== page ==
Second Patient 'Cured' of HIV, Doctors Say
Both the first patient to be cured of H.I.V., Timothy Ray Brown, who is now 52 and was cured in 2007, and the new patient, whom scientists refer to as the "London patient", were afflicted with forms of cancer and were given bone-marrow transplants meant to treat their cancers, not the H.I.V virus, according to The New York Times.
The milestone came about three years after the man received bone marrow stem cells from an HIV-resistant donor and about a year and a half after coming off antiretroviral drugs. Timothy Ray Brown, an American man then living in Germany and widely known as the "Berlin patient," underwent a similar procedure in 2007 and is reportedly still HIV-free.
A second patient has attained sustained remission of HIV-1 after cessation of treatment, according to a press release from the University College of London.
Blood cells of an infected person are replaced by someone who is immune to HIV through a genetic mutation which stops the virus attaching to cells.
Professor Eduardo Olavarria, from Imperial College London, said: "While it is too premature to say with certainty that our patient is now cured of HIV, he is clearly in a long-term remission". "Two factors are likely at play: The new bone marrow is resistant to HIV, and also, the new bone marrow is actively eliminating any HIV-infected cells".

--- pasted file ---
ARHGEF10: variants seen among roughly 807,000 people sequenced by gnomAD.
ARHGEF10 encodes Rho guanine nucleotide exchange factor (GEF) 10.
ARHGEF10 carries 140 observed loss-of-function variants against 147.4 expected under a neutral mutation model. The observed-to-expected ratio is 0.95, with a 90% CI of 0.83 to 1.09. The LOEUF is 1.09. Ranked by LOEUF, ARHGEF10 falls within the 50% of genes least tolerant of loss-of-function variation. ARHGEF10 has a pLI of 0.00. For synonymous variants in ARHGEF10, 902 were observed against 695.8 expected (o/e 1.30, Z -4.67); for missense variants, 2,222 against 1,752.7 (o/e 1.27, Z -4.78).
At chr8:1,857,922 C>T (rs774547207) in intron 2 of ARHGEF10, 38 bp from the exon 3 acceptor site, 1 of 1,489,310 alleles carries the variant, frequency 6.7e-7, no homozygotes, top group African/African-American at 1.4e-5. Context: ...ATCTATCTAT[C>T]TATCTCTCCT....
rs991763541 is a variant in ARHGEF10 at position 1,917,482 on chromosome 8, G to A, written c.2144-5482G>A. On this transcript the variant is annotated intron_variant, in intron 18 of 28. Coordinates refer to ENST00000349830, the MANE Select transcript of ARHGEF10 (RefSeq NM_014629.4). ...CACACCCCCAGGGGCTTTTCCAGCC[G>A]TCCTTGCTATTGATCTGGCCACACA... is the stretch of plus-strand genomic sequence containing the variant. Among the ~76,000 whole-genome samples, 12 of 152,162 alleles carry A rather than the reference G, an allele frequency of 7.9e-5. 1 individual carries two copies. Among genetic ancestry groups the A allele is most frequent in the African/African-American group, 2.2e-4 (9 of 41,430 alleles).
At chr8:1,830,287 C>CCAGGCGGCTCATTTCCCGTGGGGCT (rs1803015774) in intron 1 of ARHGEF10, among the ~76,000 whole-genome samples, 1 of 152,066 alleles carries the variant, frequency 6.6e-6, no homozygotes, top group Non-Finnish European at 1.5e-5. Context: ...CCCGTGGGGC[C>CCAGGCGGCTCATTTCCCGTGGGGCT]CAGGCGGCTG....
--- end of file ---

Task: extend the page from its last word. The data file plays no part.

Ravindra Gupta, a professor and HIV biologist, took charge of the team of doctors treating the man in question.
"Finding a way to eliminate the virus entirely is an urgent global priority, but is particularly hard because the virus integrates into the white blood cells of its host".
Along with a shared HIV diagnosis, both patients had a form of blood cancer that did not respond to chemotherapy. The donor - who was unrelated - had a genetic mutation known as CCR5 delta 32, which confers resistance to HIV.
During the treatment the patient underwent "graft-versus-host" disease, where the donor's immune cells attack the recipient's immune cells.
Researchers also noted that chemotherapy alone may contribute to eradicating HIV infection, as it kills dividing cells and allows for replacement of immune cells with cells that do not have the CCR5 receptor.
The man has chosen to remain anonymous, with scientists referring to him as "the London patient". People who have two mutated copies of the CCR5 allele are resistant to the HIV-1 virus strain that uses this receptor, as the virus can not enter host cells.
Regular testing confirmed that the patient's viral load remained undetectable, and he has been in remission for 18 months since ceasing ARV therapy (35 months post-transplant).
"I did not want to be the only person in the world cured of HIV", Brown wrote in a medical journal in 2015, explaining why he chose to reveal his identity.
The London patient, whose case is set to be presented at a medical conference in Seattle on Tuesday, has asked his medical team not to reveal his name, age, nationality or other details.
Gupta, now at Cambridge University, treated the London patient when he was working at University College London.